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Author, Author!

SFR Presents the 2010 winners of our annual writing contest

November 30, 2010, 1:00 am


By Thom Harding

There was snow in the creases of the chipped urban-cold pavement, turning rot gray as the fur-white, honest welcoming white of the winter clasp, picked up the mites of detritus and dirt and absorbed it without wonder or doubt. The small rises of filth snow seemed like the decaying fruits of the city orchard, kicked into the gutters, discarded as soon as it was no longer glossy and fine while the people of the city went hungry with no work and no blankets and no paperwork to validate the event of their disappearance.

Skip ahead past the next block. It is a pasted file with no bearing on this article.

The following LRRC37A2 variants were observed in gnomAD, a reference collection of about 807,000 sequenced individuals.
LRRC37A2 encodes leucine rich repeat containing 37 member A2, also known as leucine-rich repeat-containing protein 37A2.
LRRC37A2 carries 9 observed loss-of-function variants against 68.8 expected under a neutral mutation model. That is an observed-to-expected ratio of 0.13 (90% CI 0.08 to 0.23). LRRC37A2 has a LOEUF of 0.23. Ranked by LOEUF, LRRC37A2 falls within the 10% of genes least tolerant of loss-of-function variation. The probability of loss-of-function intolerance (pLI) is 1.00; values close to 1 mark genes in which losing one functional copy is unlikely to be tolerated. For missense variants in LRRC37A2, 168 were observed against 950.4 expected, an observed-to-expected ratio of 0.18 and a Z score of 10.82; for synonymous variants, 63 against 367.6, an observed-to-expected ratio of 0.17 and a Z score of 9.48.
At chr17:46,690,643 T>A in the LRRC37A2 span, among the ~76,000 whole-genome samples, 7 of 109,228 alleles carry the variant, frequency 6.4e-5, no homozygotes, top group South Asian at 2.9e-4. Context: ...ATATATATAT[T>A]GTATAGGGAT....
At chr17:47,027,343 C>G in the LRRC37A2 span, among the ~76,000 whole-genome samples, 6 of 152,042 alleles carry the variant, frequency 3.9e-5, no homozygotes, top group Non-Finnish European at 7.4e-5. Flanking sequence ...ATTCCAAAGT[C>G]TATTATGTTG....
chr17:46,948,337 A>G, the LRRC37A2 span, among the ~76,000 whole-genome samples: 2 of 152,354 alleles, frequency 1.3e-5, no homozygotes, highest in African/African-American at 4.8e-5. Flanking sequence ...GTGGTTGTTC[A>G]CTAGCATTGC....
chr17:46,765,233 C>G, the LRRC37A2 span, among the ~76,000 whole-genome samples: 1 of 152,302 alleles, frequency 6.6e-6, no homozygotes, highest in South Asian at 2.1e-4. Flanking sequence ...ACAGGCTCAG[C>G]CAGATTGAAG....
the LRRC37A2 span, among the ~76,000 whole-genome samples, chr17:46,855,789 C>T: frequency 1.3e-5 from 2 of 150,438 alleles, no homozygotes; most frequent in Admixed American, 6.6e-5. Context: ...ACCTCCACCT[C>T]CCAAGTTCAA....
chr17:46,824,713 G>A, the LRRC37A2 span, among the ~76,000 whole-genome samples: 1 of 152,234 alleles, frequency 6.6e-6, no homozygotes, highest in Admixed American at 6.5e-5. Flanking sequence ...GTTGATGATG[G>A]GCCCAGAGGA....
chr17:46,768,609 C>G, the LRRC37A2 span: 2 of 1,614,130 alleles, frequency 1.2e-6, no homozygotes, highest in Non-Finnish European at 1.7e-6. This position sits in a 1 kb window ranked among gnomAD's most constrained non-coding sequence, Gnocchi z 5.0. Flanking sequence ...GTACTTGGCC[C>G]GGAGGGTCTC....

The candidate walked along the sidewalk, elevated by the infinitely large inch of paving that kept the slush in the crannies of the street and off the minted shine of leather laggard loafers. Eyes ahead, thoughts behind, feet patiently and tirelessly breaking the present that he stood in to stretch into the future and the past over and over again. The budget had been faxed over to him that morning, the long tongue of paper protruding from the machine in its own mocking manner. It seemed that the incumbent esteemed Minister of State had spent mountains of cash, literal K2’s of capital before taxes had been collected, and the payers had acted upon their latent, previously quiescent, distrust of the System (the one that could run pipes from here to over there but couldn’t exactly say what was in them, who they were for or how they were to benefit anyone) and decided not to pay them at all. As an applicant for the Minister of Finances, the candidate was personally invested in the state of the fiscal structure and its motion. He knew that like any structure, it must be allowed to move as little as possible, to remain stable and anchored during inactive times only to be given the power of malleability and flex when disaster became imminent. Like foundations of skyscrapers that deny their movement until the ground asks them to give a little tolerance and take a little stress. The rigid pillars stand erect during the calm, and twitch with the tremors of action.